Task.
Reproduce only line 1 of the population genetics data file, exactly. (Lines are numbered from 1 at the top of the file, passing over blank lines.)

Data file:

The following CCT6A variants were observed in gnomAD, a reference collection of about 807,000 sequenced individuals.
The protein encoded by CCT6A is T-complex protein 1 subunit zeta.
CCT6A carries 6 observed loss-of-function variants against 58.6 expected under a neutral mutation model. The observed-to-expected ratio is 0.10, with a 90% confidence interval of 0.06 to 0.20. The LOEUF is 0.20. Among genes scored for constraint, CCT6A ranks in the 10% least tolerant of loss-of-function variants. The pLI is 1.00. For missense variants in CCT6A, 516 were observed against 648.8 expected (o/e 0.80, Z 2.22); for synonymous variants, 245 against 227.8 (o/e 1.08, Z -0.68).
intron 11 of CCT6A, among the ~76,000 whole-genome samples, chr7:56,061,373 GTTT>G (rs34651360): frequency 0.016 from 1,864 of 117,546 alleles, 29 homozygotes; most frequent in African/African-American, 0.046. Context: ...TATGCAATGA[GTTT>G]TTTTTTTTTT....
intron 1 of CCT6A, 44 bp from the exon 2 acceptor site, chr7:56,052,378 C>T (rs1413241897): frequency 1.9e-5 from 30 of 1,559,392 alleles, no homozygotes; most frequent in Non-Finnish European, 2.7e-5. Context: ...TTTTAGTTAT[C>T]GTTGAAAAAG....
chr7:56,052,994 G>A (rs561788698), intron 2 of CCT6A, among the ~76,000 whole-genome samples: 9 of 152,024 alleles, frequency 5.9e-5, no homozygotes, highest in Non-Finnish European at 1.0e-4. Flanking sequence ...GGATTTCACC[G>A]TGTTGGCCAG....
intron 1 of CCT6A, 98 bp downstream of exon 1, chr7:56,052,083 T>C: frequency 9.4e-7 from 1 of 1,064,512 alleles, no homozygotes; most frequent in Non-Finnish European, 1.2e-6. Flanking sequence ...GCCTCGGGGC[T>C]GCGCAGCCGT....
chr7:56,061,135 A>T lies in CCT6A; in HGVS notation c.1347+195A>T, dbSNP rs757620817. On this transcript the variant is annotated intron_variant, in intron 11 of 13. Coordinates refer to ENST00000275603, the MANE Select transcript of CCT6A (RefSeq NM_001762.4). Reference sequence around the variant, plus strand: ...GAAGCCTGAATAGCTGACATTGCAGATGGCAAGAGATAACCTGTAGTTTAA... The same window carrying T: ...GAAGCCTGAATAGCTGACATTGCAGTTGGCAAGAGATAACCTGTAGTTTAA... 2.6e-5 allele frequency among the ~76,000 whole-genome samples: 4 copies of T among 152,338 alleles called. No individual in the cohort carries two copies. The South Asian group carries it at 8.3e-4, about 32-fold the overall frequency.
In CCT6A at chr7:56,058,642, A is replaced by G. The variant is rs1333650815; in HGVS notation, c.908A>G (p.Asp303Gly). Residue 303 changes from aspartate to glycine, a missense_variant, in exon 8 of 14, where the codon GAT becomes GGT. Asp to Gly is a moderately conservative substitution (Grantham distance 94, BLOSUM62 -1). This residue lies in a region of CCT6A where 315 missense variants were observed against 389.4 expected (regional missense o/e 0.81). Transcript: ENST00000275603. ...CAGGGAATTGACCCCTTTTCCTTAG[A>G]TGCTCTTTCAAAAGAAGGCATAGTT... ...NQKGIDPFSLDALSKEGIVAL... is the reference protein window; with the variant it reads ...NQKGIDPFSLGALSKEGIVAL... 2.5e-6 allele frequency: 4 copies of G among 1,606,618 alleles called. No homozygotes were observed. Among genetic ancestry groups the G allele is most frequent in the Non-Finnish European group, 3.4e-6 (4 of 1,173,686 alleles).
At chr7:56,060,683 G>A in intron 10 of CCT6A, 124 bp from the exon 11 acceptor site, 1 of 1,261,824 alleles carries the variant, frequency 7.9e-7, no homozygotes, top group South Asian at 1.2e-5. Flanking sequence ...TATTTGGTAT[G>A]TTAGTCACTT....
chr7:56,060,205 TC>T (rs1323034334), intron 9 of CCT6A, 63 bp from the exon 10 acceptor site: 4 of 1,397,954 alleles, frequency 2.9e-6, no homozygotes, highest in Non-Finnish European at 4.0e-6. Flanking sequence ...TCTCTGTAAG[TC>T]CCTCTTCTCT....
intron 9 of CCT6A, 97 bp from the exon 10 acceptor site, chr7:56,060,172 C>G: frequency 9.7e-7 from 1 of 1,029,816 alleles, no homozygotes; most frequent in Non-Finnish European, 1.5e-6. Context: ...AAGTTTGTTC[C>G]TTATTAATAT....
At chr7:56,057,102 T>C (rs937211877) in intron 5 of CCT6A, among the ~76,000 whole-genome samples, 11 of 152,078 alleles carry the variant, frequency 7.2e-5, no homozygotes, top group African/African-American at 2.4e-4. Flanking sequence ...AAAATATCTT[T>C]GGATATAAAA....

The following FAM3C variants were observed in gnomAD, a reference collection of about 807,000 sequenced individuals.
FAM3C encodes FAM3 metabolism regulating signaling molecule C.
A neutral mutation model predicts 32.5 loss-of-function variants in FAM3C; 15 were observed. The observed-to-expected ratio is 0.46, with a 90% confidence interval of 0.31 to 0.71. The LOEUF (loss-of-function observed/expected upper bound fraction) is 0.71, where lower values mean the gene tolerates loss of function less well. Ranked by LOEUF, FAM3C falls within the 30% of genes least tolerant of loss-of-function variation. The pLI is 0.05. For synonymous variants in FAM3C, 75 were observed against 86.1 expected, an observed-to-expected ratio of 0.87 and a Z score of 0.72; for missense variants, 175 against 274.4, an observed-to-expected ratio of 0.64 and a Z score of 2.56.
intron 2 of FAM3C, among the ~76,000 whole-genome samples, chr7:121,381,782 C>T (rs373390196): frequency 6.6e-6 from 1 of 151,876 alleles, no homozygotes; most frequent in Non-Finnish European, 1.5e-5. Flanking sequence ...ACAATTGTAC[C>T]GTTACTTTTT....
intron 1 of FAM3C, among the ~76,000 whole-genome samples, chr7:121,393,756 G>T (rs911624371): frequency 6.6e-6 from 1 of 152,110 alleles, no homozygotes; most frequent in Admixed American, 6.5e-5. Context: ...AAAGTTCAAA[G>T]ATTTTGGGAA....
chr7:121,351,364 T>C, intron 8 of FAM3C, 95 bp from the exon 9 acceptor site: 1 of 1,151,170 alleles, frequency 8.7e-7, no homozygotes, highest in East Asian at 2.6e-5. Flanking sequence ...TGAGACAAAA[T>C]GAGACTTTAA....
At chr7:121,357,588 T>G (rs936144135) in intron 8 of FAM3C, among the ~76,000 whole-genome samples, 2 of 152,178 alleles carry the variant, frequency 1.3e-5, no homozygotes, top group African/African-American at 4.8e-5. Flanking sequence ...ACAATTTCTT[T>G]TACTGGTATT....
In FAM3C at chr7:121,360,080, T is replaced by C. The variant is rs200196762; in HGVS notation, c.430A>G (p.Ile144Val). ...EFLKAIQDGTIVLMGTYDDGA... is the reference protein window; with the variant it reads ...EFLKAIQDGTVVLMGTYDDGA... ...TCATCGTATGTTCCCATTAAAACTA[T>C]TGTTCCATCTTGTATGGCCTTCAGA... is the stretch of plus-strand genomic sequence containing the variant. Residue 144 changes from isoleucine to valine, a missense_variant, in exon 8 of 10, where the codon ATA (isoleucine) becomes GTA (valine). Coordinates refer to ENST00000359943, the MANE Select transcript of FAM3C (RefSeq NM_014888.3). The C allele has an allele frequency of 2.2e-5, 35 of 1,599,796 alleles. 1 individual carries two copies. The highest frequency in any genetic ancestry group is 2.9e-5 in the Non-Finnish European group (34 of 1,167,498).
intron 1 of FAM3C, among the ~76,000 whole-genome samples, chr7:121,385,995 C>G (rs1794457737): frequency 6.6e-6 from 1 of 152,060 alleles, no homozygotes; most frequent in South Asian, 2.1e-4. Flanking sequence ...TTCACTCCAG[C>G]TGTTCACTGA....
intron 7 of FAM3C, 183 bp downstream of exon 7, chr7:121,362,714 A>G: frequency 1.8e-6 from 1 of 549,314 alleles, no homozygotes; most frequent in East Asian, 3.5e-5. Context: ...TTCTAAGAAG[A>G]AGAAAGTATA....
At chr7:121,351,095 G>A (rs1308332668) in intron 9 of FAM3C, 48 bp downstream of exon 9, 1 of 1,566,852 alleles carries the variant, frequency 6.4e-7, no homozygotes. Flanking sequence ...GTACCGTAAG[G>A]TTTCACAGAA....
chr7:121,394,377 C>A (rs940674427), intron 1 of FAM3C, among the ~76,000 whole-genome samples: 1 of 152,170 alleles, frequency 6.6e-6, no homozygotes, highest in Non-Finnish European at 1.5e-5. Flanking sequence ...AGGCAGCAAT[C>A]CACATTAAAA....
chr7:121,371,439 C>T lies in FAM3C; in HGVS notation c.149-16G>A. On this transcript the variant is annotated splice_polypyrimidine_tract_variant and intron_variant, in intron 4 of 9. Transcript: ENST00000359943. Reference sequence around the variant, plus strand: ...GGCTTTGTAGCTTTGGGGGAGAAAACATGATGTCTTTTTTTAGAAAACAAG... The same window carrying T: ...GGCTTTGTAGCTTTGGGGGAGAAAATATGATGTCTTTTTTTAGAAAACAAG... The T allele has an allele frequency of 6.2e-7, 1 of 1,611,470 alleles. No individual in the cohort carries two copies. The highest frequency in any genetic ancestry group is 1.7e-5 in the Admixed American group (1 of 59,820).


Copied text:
The following CCT6A variants were observed in gnomAD, a reference collection of about 807,000 sequenced individuals.